Capital and interest mortgage, annuity, repayment – defined

There are four main types of loans, these differ in the way the capital is repaid to the lenders.

Capital & Interest, the most popular type of housing loan, where the borrower makes regular repayments – part interest / part capital. These are usually for an agreed term, typically 25 years however in recent times the term can be as long 30 -35 years.

C&I loans are also know as Repayment mortgage, Standard mortgage and Annuity mortgage. In the early years of a C&I loan the majority of the repayment is used repaying the interest, so the capital reduces slowly.

So as the capital reduces with each repayment, so does the amount of interest payable on that capital.

The other types of loans are interest only repayments with the capital sum been paid at the end of the term from,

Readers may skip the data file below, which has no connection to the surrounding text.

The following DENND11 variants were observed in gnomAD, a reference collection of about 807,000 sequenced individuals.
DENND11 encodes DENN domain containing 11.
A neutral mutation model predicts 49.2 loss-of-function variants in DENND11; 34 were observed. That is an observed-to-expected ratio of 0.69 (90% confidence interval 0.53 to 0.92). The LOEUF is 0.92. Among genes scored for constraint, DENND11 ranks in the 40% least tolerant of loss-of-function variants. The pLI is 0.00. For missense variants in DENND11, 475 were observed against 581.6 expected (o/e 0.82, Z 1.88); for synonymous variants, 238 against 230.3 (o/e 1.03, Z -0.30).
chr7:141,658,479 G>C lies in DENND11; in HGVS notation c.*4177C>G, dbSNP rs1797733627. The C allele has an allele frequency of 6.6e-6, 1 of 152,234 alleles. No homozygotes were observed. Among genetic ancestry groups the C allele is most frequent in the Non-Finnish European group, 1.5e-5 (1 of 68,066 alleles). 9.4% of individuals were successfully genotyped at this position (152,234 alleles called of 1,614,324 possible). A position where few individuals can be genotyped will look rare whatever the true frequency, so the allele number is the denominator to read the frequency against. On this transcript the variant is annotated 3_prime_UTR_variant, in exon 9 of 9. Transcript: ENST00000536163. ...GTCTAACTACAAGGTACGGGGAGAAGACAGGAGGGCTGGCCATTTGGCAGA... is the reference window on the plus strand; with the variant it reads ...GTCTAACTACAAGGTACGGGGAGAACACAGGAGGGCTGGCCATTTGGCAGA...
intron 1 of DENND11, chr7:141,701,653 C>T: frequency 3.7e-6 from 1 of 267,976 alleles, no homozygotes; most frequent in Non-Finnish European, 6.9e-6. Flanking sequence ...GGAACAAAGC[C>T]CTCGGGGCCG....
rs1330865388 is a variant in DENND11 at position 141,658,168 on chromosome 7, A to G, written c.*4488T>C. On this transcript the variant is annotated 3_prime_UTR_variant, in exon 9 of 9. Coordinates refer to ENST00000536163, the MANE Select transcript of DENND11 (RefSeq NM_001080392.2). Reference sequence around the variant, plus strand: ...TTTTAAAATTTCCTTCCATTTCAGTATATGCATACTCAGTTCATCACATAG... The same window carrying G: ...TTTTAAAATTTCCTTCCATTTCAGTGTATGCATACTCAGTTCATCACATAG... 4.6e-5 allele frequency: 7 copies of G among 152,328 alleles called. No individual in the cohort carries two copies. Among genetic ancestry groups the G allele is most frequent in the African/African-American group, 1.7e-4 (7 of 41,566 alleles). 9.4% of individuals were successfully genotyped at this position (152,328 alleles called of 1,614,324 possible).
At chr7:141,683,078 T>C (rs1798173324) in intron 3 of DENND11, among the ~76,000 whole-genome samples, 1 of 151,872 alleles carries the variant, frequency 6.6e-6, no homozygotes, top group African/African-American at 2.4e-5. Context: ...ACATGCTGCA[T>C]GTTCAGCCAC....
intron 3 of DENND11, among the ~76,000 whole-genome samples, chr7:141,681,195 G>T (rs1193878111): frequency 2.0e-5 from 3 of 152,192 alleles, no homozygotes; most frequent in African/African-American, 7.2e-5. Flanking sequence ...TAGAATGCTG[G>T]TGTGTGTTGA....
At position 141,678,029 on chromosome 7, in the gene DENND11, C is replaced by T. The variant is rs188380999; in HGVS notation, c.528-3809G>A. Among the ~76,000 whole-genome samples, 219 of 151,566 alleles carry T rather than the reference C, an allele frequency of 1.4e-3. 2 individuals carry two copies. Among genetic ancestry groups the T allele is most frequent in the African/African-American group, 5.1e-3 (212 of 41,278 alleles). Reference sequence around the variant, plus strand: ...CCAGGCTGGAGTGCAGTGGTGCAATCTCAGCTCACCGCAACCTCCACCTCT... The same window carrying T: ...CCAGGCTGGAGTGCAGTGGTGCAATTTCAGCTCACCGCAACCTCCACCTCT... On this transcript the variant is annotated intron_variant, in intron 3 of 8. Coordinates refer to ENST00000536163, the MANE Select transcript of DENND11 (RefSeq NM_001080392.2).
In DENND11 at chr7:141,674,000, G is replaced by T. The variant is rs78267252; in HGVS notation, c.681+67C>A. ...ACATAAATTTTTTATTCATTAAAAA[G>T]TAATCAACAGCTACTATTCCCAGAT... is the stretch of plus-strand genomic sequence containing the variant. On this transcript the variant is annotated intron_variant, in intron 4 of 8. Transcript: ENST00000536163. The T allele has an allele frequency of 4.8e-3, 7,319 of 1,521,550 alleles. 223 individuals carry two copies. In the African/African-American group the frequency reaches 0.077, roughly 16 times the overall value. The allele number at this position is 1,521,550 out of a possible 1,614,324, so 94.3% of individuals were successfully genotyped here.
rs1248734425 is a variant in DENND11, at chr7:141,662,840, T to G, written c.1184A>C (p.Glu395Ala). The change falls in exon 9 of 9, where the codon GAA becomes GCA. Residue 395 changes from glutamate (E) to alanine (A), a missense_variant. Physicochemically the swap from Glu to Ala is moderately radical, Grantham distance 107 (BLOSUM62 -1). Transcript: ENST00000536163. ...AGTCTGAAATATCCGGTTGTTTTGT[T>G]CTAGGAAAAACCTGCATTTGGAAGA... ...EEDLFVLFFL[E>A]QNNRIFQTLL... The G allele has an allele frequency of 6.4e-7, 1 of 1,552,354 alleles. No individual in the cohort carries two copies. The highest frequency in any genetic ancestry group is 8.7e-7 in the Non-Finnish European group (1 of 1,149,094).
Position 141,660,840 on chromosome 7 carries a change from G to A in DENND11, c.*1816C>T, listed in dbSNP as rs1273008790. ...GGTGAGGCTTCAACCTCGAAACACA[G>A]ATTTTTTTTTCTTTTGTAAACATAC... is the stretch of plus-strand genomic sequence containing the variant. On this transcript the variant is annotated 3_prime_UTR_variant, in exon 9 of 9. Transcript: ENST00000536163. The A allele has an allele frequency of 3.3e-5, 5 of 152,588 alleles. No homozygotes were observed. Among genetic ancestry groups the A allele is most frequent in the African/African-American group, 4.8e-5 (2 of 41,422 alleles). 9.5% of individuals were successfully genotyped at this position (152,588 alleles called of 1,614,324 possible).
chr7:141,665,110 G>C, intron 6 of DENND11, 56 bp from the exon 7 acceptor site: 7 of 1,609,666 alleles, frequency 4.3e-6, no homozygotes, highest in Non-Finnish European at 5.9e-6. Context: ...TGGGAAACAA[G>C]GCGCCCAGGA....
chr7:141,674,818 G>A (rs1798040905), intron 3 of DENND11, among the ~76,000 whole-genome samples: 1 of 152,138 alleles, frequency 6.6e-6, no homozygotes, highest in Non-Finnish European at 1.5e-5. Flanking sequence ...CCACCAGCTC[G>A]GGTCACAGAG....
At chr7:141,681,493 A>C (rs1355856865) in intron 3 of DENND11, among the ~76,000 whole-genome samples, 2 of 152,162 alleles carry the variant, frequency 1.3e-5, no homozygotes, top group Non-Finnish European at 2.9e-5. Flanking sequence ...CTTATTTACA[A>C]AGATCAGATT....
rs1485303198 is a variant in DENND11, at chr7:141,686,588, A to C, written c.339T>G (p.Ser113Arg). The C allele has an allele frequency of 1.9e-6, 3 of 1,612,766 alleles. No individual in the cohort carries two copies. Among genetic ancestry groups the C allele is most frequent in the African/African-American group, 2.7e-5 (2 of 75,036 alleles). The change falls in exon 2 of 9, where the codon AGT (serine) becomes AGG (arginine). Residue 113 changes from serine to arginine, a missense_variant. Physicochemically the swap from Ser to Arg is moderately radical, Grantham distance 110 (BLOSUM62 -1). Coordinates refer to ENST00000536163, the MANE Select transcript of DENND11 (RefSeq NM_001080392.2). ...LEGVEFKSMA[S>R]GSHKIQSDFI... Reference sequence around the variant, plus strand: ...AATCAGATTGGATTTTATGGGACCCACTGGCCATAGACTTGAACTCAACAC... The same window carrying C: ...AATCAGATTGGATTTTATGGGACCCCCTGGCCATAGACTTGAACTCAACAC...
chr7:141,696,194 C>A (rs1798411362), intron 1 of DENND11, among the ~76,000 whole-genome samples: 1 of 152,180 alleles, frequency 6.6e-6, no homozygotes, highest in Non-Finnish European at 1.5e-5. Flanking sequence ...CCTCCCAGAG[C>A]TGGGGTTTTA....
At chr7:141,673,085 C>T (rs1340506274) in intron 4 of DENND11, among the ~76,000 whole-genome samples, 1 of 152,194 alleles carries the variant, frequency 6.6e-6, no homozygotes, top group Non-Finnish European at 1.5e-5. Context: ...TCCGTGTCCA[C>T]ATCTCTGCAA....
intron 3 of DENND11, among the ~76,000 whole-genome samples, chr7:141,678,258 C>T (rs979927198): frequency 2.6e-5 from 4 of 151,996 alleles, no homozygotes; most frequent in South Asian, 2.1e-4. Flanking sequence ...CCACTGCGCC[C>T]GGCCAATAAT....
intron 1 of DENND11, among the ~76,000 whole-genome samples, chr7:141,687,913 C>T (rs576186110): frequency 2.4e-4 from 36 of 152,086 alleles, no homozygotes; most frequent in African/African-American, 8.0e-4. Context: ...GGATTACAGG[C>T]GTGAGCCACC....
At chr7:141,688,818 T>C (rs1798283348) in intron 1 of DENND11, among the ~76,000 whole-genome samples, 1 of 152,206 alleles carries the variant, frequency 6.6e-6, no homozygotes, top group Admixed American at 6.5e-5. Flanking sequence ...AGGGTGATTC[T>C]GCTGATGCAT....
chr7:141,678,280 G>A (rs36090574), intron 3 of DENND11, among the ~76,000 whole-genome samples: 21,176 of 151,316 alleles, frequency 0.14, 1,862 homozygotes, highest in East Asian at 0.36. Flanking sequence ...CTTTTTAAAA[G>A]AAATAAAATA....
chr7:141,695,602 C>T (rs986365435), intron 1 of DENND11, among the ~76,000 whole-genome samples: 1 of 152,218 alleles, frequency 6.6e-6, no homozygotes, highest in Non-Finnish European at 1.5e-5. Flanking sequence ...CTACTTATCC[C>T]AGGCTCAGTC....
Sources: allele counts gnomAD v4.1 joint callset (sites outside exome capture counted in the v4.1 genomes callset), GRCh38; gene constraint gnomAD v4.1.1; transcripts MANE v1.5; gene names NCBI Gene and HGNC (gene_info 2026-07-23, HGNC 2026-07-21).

a:An Endowment Mortgage
b:A Pension Mortgage
c:The sale of the property / asset.

This means that the borrower pays interest only for the term of the agreement and only repays the capital sum at the end by means of a lump sum.

An Endowment Mortgage means the borrower repays the lender, interest for the full term and undertakes to repay the lump sum from the proceeds of a Life Assurance Endowment Savings Policy. So the borrower makes two payments for the duration of the term, interest only on the full loan outstanding to the lender and a premium to the life company for the policy.

A Pension Mortgage is similar in concept, however the borrower agrees to repay the anticipated lump sum from a pension agreement, Personal Pension Plan, Personal Retirement Savings Account (PRSA), Additional Voluntary Contributions (AVC), a Buy out Bond or an employer sponsored occupational pension scheme.

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